Today we arrived in Cape Canaveral, which marks the end of our trip. It was our shortest day and was again uneventful as we backtracked a couple of miles up the ICW, turned right (east), went through the Canaveral Barge Canal and across the Banana River, lifted about 2 feet in the barge lock and arrived in Port Canaveral, which is in the city of Cape Canaveral. I’ve been communicating with Cape Marina, our home base for the next 6 months, by email for about 3 months, including executing a 14 page package of forms and agreements documenting our insurance and other items. So it was funny to arrive and not be able to raise anyone on the radio, on channel 16 or their working channel. Carol ended up calling them on the phone as I hovered off the fuel dock, and finally a gal came down, took our lines and helped me fuel up, then directed us to our slip.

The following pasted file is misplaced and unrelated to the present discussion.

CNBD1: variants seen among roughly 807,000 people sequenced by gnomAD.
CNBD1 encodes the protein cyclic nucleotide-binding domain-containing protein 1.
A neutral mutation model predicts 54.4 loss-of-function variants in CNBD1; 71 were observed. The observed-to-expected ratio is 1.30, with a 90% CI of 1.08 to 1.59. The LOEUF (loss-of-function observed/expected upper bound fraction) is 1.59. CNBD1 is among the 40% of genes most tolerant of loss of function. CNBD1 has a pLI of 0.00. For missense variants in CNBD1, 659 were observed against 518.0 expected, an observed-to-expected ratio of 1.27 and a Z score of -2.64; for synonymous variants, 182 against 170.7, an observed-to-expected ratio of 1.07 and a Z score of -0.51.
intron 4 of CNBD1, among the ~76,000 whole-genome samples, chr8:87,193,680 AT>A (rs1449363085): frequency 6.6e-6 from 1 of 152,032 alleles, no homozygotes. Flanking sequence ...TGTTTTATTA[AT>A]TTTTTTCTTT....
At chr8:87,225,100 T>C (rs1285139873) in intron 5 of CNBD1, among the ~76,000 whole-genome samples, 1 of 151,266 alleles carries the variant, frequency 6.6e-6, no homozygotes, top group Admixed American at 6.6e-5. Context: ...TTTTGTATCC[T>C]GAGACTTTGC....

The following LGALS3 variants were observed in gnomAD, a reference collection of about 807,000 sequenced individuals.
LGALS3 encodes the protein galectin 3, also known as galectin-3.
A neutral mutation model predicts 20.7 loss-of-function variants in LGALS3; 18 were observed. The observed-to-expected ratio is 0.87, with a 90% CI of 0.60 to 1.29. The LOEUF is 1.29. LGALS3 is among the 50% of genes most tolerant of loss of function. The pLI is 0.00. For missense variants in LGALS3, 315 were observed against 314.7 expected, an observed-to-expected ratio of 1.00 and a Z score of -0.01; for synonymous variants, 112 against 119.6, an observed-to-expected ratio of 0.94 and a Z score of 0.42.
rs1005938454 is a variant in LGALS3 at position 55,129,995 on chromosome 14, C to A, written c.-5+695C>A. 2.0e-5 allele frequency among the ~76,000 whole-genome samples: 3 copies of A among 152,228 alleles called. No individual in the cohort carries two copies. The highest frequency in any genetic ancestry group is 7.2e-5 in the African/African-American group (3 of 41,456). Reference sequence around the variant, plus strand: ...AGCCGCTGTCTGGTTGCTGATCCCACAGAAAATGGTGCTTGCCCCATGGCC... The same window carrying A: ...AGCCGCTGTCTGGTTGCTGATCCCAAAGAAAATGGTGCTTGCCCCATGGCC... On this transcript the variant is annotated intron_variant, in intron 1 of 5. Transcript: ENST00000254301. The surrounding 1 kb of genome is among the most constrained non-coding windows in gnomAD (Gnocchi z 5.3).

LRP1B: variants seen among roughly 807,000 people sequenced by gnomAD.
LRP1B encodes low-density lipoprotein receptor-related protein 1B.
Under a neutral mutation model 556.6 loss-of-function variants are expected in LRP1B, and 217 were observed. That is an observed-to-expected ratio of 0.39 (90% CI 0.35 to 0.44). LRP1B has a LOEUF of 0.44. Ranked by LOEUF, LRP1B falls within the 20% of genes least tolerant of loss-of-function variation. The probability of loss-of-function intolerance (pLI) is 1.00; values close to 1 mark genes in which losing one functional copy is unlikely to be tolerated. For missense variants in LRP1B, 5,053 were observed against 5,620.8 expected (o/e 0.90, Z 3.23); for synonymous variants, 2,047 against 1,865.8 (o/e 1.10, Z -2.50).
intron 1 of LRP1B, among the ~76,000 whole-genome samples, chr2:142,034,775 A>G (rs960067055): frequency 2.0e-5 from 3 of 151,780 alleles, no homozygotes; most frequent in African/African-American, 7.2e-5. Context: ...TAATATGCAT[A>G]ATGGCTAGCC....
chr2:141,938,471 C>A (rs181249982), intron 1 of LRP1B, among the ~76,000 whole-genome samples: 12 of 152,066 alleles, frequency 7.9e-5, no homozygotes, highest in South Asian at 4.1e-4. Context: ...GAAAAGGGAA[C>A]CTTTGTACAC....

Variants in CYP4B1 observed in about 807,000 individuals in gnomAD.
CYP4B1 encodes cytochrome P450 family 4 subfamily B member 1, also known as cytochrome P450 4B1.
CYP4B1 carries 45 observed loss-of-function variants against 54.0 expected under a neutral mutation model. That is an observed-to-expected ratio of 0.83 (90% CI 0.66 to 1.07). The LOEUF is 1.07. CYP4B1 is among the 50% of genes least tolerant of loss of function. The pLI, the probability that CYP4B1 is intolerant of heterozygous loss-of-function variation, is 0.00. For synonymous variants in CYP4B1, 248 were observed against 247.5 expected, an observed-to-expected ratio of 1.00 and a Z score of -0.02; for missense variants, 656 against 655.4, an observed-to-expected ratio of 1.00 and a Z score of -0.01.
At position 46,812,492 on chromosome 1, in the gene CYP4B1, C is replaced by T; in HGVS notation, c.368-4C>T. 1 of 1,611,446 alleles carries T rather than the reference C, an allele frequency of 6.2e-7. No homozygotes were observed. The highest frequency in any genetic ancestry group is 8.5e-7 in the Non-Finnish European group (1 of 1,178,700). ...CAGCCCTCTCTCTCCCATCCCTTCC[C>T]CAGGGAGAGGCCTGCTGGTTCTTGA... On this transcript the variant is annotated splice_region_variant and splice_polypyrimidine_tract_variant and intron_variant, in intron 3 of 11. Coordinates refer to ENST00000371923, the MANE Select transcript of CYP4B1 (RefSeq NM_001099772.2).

After we got the boat settled in the slip I went up to the office to complete the check-in process, and was surprised to learn that there was more paperwork to take care of: an evacuation plan. It turns out that Port Canaveral is a military port, with a sizable US Coast Guard base as well as at least 2 cruise-ship berths and 2 container berths, and in the event of the threat of a hurricane and a port closure by the Coast Guard Captain of the Port every recreational vessel has to vacate the port. They don’t care where you go or who takes your boat there, but with 72 hours notice you must leave or face a $1,000 per hour fine from the Coast Guard (!). I hadn’t considered this at all and we were about to head back to Massachusetts for the month of December (as well as February and April), but I realized that since they will give me 72 hours I could fly or drive down and be on the boat in plenty of time. I discussed various scenarios with the marina staff and finally decided that if I have to evacuate I’ll go back through the lock and across the Banana River and anchor fore & aft in the barge canal and ride out any storm. This way I’ll be protected from storm surge by the lock and I should be OK. But I also had to give them a Plan B which turned out be my brother Court, who lives in Southwest Florida and can be in Port Canaveral with 4 hours notice. Court used to be a professional delivery Captain and is more than competent to move the boat 3 miles. Actually, he’s part of Plan A, as well, as he will be my crew if I have to move the boat myself.